Tag Archives: arduino tutorial

Arduino Phone

What you need:

1.Arduino Uno

2.TFT Touch Shield

3.GPRS Shield

4.RTC

5.Custom ArduinoPhone Charge Circuit (or Lipo Rider)

6.Li-po battery

7.A shell (with 3D printer)

All components at here.

 

More details: http://www.instructables.com/id/ArduinoPhone/

SainSmart 1.8 LCD / DHT-22 Temp / Humidity

I now have a DHT-22 Temperature and humidity module matched up with the SainSmart 1.8 TFT LCD. The tricky part of this project was converting floats to strings for the display. If you don’t need decimal point precision, you may not need this function, but it’s in there.

The DHT-22 connections and the SainSmart LCD connections are in the code.

/*
Arduino TFT text example

This example demonstrates how to draw text on the
TFT with an Arduino. The Arduino reads the value
of an analog sensor attached to pin A0, and writes
the value to the LCD screen, updating every
quarter second.

This example code is in the public domain

Created 15 April 2013 by Scott Fitzgerald

Heavily modified to work with the DHT-22 code
by Steve Spence of http://arduinotronics.blogspot.com

http://arduino.cc/en/Tutorial/TFTDisplayText

*/

#include “TFT.h” // Arduino LCD library
#include “SPI.h” // Arduino SPI Library

// pin definition for the Uno
// SCL -> 13
// SDA -> 11
#define cs   10
#define dc   9
#define rst  8

// create an instance of the library
TFT TFTscreen = TFT(cs, dc, rst);

// char array to print to the screen
char tempPrintout[6];
char humPrintout[6];

// Example testing sketch for various DHT humidity/temperature sensors
// Written by ladyada, public domain
// Fahrenheit conversion added by Steve Spence, http://arduinotronics.blogspot.com

#include “DHT.h” //get the DHT library from http://learn.adafruit.com/dht

#define DHTPIN 2     // what pin we’re connected to

// Uncomment whatever type you’re using!
//#define DHTTYPE DHT11   // DHT 11
#define DHTTYPE DHT22   // DHT 22  (AM2302)
//#define DHTTYPE DHT21   // DHT 21 (AM2301)

// Connect pin + (middle) of the sensor to +5V
// Connect pin S  (on the right) of the sensor to whatever your DHTPIN is (2)
// Connect pin – (on the left) of the sensor to GROUND
// Connect 10k resistor between S and +

int cycleTime = 2000;

DHT dht(DHTPIN, DHTTYPE);

float h;
float t;

void setup() {

// Put this line at the beginning of every sketch that uses the GLCD:
TFTscreen.begin();

// clear the screen with a black background
TFTscreen.background(0, 0, 0);

// write the static text to the screen
// set the font color to white
TFTscreen.stroke(255,255,255);
// set the font size
TFTscreen.setTextSize(2);
// write the text to the top left corner of the screen
TFTscreen.text(“Temp (F)”,0,0);
// write the text to the top left corner of the screen
TFTscreen.text(“Humidity (%)”,0,60);
// ste the font size very large for the loop
TFTscreen.setTextSize(4);

dht.begin();

}

void loop() {

// Read the value of the temp/humidity sensor on D2

// Reading temperature or humidity takes about 250 milliseconds!
// Sensor readings may also be up to 2 seconds ‘old’ (its a very slow sensor)
h = dht.readHumidity();
t = dht.readTemperature();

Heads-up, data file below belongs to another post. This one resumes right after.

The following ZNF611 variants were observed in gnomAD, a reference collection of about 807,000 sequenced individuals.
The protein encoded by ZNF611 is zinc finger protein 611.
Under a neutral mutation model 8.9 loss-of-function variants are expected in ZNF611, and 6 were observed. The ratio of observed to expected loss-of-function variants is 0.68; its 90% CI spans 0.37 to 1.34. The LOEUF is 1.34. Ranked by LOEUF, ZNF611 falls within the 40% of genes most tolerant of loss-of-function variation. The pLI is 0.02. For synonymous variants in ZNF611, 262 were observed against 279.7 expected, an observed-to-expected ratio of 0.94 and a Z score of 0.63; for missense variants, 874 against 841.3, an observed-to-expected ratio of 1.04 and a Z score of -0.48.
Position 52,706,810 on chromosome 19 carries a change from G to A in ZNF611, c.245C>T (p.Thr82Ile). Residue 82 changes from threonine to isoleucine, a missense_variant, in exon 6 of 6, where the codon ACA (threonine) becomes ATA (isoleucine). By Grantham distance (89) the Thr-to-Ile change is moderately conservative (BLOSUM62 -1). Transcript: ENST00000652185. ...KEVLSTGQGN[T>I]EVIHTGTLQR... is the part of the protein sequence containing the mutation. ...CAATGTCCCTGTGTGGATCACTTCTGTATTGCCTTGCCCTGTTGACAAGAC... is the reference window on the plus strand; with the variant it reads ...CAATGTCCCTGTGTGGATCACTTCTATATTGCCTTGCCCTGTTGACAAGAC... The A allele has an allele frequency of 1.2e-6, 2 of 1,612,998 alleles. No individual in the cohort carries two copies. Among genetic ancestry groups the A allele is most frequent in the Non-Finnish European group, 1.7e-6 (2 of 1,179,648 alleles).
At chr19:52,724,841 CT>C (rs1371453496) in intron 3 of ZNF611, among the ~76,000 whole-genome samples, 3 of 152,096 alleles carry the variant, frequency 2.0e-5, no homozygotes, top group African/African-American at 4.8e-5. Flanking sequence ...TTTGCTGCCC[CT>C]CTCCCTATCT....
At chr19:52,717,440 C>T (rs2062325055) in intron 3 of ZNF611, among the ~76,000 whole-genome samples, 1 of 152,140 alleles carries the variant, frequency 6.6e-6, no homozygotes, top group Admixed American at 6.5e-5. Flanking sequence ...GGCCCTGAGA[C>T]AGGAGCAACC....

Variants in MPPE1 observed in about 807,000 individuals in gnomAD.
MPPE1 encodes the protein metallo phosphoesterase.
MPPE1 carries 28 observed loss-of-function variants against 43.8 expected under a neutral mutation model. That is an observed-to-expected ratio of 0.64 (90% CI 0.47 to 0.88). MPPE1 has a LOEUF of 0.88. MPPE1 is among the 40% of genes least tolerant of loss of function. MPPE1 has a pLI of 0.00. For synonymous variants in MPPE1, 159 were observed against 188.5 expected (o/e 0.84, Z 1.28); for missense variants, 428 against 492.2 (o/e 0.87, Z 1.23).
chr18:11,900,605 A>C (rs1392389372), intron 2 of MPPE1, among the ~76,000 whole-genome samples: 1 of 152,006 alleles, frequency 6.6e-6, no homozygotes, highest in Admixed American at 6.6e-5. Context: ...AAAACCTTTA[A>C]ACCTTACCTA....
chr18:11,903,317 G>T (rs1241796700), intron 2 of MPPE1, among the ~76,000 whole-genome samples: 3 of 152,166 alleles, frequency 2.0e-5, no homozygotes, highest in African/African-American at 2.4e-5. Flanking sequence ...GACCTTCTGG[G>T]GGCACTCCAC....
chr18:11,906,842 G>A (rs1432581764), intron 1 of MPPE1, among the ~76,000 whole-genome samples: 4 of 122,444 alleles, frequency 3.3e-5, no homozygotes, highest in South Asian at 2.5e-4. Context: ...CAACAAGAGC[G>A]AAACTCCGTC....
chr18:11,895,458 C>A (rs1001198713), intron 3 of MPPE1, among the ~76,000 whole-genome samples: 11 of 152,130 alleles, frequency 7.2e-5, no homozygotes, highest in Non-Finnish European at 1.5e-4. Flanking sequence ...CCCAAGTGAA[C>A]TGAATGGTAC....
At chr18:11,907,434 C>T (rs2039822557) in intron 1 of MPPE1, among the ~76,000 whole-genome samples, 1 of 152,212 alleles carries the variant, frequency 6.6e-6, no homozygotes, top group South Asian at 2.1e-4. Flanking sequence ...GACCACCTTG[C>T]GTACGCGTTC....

t = (t*1.8)+32; //C to F conversion

String tempVal = doubleToString(t, 0); // decimal places of precision
String humVal = doubleToString(h, 0); // decimal places of precision
// String sensorVal = String(1.234);

// convert the reading to a char array
tempVal.toCharArray(tempPrintout, 6);
humVal.toCharArray(humPrintout, 6);

// set the font color
TFTscreen.stroke(255,255,255);
// print the sensor value
TFTscreen.text(tempPrintout, 0, 25);
TFTscreen.text(humPrintout, 0, 85);
// wait for a moment
delay(cycleTime);
// erase the text you just wrote
TFTscreen.stroke(0,0,0);
TFTscreen.text(tempPrintout, 0, 25);
TFTscreen.text(humPrintout, 0, 85);
}

//Rounds down (via intermediary integer conversion truncation)
String doubleToString(double input,int decimalPlaces){
if(decimalPlaces!=0){
String string = String((int)(input*pow(10,decimalPlaces)));
if(abs(input)<1 p=””>if(input>0)
string = “0”+string;
else if(input<0 p=””>string = string.substring(0,1)+”0″+string.substring(1);
}
return string.substring(0,string.length()-decimalPlaces)+”.”+string.substring(string.length()-decimalPlaces);
}
else {
return String((int)input);
}
}

Mini Arduino Portable EEG – Brain Wave Monitor

20130702155110

Parts List / Tools Needed:

PARTS
1 Arduino Uno R3
1 SainSmart 1.8 ” Color TFT Display
1 Mini Breadboard
1 Mind Flex  EEG Headband -To monitor Brain Wave signals as described Here I recomend you review this project before starting to build this instructable. You will need to download the brain library found in the website
3 x AAA Batteries (for Mind flex headband)
1 x 9v battery +  (9v to Arduino power adapter cable, for portability) – optional, but needed to enter the battery operated contest! (if you like this instrucable , please vote for me 🙂
Jumper Wires
Scrap wire /  cable from your Junk Box about 12″ long
TOOLS
Soldering Iron
Wire Cutter /  Stripper
Screwdriver ,small Phillips head
Magnifying Glass

Originally from: http://www.instructables.com/id/Mini-Arduino-Portable-EEG-Brain-Wave-Monitor-/

SainSmart Joystick Gaming Kit

Don’t Know How to Get Started with Your Arduino?

Many beginners are likely to confront such a problem: after they buy an Arduino, they have no idea how they should start. Helpful manuals are very important. Eever product sold by us is attached with detailed instruction. Then you don’t need to be so worried about it.

In addition to manuals, you may have to look for some tutorials as well. Since it’s not so easy to find paper tutorials and it’s not convenient to carry a heavy book with you everywhere, we have found a very useful online tutorial for you.  There are several lessons in this tutorials by which you can have better understands of  Arduino.

~TOII{3ZCA037HM6)]{`64C

Now come and see this online tutorial:

http://www.ladyada.net/learn/arduino/